We realized by the end of the week that, although we had covered a lot of ground, it wouldn’t be enough to really empower the participants to make the changes they wanted to see. We decided to go back again in 2010. This time, we only did a 2-day training, focusing on fundraising and video preservation based on the input of participants the previous year. And there was another panel.
But there was still more to do.
In 2011 we came back to conduct another 5-day training. This time, we wanted to motivate participants to shape a concrete project plan, and actually have a shot at getting it funded. We were fortunate to receive a $1000 donation from Jim Lindner of Media Matters, and created a challenge grant for the workshop participants. We spend the week discussing how to scope, budget, and pitch project plans, and proposals were submitted one week after the workshop.
That year we also held a screening of films made in Ghana that had been found in US and Ghanaian collections. We wanted to show the power of historical audiovisual content to tell a story. One of the highlights was this home movie footage featuring Ghana’s first president Dr. Kwame Nkrumah with American journalist and entrepreneur, Claude Barnett. One of the younger members of the audience commented: “I’ve seen so many pictures of Dr. Nkrumah, but I’ve never seen him move,” drawing attention to the challenges Ghana has faced in the preservation of its audiovisual heritage.
At the time, we thought that would be our last visit. We had reached the limits of what we felt we could do only coming once a year and conducting short-term trainings. We were also getting frustrated that our workshop participants didn’t seem to be making much progress.
Looking back at our model for successful collaborations, how well did we follow through during those four years? Here is how I score us on a scale of 0-5 (5 being the best):
I give us high points for this because we did take the time to really learn about the organizations and the state of their archiving programs. That’s not always done with training initiatives.
We did well to think of different ways that we could create a broad-reaching training, but we didn’t take it a step further and question whether training was really what people needed, or how to make the training truly impactful to the participants organizations.
We did iterate on our training, but we kept coming back to the same solution: more training. I do think the Jim Lindner award did kick things up a notch in a great way.
We participated in panels. We were on the news. We held screenings. These sparked productive conversation. But they didn’t seem to be pushing forward change. Perhaps it was too much of us (the consultants/trainers) telling the story, and not enough of the local participants.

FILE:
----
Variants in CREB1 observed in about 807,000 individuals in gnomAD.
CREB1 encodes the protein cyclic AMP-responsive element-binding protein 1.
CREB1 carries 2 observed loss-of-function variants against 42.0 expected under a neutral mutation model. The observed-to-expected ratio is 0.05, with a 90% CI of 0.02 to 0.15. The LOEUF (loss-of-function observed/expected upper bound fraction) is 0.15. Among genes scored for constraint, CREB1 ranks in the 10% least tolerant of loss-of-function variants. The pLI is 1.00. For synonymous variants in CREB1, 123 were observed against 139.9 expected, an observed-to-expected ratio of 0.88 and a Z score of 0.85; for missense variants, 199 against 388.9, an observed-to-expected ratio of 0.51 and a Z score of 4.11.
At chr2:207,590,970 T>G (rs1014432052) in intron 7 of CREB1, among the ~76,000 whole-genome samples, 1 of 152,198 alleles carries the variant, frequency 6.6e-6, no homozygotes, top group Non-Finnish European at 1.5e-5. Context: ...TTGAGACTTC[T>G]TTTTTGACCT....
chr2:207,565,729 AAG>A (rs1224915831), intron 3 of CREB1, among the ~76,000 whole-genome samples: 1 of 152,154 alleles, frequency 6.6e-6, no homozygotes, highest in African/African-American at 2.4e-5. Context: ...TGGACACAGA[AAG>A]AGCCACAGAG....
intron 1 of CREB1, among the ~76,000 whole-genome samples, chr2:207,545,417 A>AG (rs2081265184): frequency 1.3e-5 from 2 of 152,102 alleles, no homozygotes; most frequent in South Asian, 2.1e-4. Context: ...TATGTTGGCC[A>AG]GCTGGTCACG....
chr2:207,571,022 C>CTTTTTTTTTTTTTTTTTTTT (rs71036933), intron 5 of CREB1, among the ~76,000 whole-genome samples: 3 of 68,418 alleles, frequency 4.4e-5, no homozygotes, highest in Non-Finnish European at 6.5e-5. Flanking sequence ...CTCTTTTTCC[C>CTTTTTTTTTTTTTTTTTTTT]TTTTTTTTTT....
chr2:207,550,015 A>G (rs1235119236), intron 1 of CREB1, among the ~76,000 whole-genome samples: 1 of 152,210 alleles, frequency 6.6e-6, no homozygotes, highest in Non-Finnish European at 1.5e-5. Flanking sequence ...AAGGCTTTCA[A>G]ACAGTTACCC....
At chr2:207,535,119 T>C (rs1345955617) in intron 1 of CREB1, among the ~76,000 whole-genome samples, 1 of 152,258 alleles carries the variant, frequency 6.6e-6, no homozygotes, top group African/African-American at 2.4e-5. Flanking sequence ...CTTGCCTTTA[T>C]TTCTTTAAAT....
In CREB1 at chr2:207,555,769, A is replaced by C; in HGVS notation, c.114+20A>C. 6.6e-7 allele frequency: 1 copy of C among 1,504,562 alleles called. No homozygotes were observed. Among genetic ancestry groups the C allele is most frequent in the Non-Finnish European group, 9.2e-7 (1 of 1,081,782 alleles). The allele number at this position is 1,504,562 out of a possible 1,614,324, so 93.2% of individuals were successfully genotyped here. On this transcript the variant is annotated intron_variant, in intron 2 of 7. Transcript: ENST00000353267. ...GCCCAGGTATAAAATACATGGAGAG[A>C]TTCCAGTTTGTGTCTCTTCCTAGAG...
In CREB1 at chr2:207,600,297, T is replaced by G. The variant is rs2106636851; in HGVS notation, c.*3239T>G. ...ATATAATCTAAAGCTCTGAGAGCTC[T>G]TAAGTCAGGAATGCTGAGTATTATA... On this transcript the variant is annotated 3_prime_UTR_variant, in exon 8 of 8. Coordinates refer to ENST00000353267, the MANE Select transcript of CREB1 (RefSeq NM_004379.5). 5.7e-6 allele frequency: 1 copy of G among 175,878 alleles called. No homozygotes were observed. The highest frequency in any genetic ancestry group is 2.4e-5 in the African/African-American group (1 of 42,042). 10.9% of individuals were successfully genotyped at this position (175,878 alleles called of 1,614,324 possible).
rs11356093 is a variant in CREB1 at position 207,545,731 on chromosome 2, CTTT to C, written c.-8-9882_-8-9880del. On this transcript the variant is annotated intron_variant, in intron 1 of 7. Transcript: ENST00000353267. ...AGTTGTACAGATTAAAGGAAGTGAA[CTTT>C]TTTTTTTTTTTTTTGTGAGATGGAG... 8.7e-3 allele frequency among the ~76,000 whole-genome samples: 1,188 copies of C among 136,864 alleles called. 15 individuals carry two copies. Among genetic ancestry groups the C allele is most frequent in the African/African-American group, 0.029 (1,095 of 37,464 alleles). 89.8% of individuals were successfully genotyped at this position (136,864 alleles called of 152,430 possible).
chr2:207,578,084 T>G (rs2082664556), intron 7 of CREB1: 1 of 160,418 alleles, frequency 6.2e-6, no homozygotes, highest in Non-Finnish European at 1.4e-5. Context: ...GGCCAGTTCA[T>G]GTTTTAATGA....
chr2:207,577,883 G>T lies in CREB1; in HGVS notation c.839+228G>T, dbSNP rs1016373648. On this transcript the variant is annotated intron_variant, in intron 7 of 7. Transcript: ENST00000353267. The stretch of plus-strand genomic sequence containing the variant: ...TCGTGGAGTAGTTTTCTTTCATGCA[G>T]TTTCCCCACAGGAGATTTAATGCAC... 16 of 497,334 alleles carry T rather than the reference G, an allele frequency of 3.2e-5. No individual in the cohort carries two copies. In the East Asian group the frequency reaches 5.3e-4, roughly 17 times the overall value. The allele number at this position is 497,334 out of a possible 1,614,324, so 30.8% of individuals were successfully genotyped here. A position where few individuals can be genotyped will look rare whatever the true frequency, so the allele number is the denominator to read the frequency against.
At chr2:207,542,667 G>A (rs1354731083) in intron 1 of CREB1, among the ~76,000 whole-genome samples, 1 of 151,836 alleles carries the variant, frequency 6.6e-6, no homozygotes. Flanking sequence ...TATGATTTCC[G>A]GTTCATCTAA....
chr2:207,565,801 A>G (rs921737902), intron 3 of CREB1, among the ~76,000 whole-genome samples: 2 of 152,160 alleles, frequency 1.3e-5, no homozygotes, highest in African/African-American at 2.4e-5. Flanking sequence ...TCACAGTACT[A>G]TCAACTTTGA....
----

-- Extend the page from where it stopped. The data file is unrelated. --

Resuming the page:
You’ll notice that I skipped over the first step in our model: Confirm. And that’s because we didn’t do this. And looking back on why the training initiative didn’t have the impact we wanted it to, I’d say that it comes down to neglecting this step. As a result:
- Participants were not empowered to make change;
- There was no buy-in from leadership at their organizations;
- There was no vision or roadmap for how to apply what was learned;
- And there wasn’t true collaboration (it was all one way).
But, our story doesn’t end there. Because 2011 was the year we met Judith Opoku-Boateng, Archivist at the Institute of African Studies (IAS), University of Ghana. And remember that challenge grant I mentioned? She won it. Unlike the other proposals we received, Judith had a very concise, realistic plan. It was a small project, but her proposal was clear how it would lead to bigger changes. And she had a vision of what she wanted to achieve in the long-term.
So when we thought about what we might want to do in Ghana in the future, if anything, we thought of possibly pivoting to more direct mentorship model. Could this work with the IAS? This time, we made sure to confirm that the elements of success were present:
- There was a project champion (Judith);
- There was a clear vision;
- There was buy-in from senior leadership;
- And there was buy-in from supporting stakeholders, including faculty and IT.
In 2012, we returned to Ghana, and started from scratch. We conducted a collection assessment of the IAS Archive’s audiovisual materials that produced a 65-page report detailing the collection’s content, formats, condition, and priorities. It included a roadmap and budget. We met with the leadership at the Institute of African Studies (IAS), and at the University of Ghana central IT and library IT to establish relationships and eventual partnerships for digital preservation.